1940. Parisian seamstress Estella Bissette is forced to flee France as the Germans advance. She is bound for Manhattan with a few francs, one suitcase, her sewing machine and a dream: to have her own atelier.

2015. Australian curator Fabienne Bissette journeys to the annual Met Gala for an exhibition of her beloved grandmother’s work – one of the world’s leading designers of ready-to-wear. But as Fabienne learns more about her grandmother’s past, she uncovers a story of tragedy, heartbreak and secrets – and the sacrifices made for love.

Crossing generations, society’s boundaries and international turmoil, THE PARIS SEAMSTRESS is the beguiling, transporting story of the special relationship between a grandmother and her granddaughter as they attempt to heal the heartache of the past.

 

Brenda’s Review:

Estella Bissette was a seamstress, working with her mother at the atelier in Paris. It was all she had known, having grown up with a needle in her hand and her mother’s fashion by her side. But Germany’s approach on France in 1940 saw Estella flee the only home she’d known, heading to Manhattan on the SS Washington – the last American ship to leave French waters.

When Fabienne Bissette arrived in Manhattan from Sydney for the Gala of her grandmother, Estella’s work in 2015, she was once again shocked at how her grandmother had aged. Ninety-seven years of age, she was frail – but her strength of mind and love for her granddaughter shone through.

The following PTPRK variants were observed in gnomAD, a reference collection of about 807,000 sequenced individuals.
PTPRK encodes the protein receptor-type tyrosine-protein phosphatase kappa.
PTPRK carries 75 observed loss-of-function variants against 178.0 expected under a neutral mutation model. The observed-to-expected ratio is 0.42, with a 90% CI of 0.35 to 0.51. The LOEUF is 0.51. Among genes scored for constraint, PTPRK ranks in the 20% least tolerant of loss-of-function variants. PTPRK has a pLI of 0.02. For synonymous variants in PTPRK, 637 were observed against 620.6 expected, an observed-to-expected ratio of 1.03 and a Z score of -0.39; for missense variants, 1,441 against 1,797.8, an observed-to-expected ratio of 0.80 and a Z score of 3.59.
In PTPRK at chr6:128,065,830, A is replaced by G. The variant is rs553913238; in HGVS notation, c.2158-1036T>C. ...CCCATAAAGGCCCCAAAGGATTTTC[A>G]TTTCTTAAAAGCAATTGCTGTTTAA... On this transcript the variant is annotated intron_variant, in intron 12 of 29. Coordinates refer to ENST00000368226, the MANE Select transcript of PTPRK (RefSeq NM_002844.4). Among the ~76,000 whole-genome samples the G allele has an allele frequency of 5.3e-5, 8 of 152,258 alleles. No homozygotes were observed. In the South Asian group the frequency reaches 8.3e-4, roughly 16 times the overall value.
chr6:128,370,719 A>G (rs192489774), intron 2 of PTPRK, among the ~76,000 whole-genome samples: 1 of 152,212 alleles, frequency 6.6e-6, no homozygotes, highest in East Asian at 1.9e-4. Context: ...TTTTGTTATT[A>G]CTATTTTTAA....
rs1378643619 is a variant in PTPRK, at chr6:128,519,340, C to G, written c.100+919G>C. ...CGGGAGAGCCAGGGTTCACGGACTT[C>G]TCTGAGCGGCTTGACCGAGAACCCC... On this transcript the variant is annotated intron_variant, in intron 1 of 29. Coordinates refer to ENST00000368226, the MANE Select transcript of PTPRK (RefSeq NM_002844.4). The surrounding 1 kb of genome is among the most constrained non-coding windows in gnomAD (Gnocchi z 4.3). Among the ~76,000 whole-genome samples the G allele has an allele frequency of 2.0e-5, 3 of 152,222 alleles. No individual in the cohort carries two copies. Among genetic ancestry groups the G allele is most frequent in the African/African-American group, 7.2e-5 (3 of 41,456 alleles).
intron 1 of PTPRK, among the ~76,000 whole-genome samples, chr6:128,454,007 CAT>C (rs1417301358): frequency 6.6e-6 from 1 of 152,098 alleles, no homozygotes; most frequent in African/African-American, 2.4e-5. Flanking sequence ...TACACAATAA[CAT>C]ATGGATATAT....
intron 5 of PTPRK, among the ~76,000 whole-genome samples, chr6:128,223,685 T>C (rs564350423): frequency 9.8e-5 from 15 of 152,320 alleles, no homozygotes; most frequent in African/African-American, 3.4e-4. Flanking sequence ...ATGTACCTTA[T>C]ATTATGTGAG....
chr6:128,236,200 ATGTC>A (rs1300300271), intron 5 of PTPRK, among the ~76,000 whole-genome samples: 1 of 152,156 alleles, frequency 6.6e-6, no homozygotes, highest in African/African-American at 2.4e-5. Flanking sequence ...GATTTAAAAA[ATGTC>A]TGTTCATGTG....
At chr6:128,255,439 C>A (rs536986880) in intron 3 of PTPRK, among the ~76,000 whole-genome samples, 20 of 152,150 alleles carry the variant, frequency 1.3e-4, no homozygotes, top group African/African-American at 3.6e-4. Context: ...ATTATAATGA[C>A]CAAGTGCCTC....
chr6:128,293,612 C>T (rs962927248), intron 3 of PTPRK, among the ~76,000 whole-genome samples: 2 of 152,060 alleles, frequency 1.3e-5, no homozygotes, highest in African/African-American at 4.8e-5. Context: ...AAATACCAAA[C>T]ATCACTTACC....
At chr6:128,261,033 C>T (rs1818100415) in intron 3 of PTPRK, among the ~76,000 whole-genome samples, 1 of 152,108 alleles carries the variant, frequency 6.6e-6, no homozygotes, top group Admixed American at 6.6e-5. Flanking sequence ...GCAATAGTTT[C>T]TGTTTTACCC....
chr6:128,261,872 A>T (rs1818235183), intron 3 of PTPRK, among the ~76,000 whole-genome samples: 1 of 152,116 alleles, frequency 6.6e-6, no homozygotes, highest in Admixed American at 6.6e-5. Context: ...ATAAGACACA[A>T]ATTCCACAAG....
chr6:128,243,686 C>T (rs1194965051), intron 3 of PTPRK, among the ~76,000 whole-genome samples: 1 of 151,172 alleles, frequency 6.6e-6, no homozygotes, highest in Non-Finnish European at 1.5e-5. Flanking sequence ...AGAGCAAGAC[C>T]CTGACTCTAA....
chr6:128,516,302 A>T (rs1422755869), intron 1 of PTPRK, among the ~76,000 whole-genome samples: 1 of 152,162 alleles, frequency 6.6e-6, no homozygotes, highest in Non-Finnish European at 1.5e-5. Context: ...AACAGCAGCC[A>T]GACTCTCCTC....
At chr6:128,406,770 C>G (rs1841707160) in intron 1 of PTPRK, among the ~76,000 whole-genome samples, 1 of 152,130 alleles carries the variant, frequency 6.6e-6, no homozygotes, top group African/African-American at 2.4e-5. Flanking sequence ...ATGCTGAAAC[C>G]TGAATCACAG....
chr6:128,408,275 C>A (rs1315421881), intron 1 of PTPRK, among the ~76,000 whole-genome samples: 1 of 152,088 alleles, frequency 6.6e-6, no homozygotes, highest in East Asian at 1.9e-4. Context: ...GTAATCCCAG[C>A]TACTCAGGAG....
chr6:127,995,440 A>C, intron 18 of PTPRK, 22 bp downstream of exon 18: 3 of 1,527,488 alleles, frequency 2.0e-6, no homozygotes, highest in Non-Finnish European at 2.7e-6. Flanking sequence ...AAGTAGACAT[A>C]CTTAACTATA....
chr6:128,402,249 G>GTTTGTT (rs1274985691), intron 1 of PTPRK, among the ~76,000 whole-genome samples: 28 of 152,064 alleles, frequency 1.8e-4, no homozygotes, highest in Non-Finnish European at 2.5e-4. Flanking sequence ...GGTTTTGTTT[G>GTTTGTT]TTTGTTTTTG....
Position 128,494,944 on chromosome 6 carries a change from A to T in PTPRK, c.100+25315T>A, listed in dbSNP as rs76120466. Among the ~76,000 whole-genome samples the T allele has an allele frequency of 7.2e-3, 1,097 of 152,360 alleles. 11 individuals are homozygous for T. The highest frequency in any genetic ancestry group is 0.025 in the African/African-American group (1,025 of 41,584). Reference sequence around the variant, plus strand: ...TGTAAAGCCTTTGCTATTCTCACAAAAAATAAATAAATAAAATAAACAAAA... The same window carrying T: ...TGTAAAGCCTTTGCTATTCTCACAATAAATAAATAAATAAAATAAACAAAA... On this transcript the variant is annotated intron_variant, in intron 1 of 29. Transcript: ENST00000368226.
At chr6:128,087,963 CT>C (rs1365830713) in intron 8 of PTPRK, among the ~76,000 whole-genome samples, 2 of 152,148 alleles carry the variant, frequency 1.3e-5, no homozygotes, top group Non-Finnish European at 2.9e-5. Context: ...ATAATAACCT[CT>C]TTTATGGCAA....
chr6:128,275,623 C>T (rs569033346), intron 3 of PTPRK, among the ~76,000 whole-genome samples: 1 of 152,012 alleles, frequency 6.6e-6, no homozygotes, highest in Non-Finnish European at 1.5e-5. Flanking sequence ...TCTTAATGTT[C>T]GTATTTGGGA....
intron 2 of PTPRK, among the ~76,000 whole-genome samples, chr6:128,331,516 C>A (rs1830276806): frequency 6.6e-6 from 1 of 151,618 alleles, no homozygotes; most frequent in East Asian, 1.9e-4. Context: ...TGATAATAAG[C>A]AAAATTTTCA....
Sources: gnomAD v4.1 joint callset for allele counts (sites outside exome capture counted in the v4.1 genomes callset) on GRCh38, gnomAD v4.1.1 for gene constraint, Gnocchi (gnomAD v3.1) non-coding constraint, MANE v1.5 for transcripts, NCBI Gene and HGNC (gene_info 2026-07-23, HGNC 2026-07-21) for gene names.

But the recent death of her father had made Fabienne realise there were things she didn’t know about her family history – about her grandmother’s past. Would Estella explain it all to Fabienne? Or was it destined to remain in the past?

The Paris Seamstress by Aussie author Natasha Lester is, in my humble opinion, this author’s best novel to date. Based on fact (some of the characters existed, as do the buildings, some of which are central to the story); I feel at a loss to voice my thoughts…

‘When you awaken in the morning’s hush I am the swift uplifting rush

Of quiet birds in circled flight. I am the soft stars that shine at night. Do not stand at my grave and cry; I am not there. I did not die.’

What can I say? This is a deeply emotional book which is heartbreaking, while being filled with courage and love; of secrets that were necessary during the German occupation of France – I don’t think I have ever read a book so profound and which made me feel so much. An outstanding novel which just makes me say to the author – Bravo! A 5 star recommendation.

With grateful thanks to Hachette AU for my ARC to read and review.

Post Script: The Cowgirl – Anthea Hodgson

The Cowgirl

The Cowgirl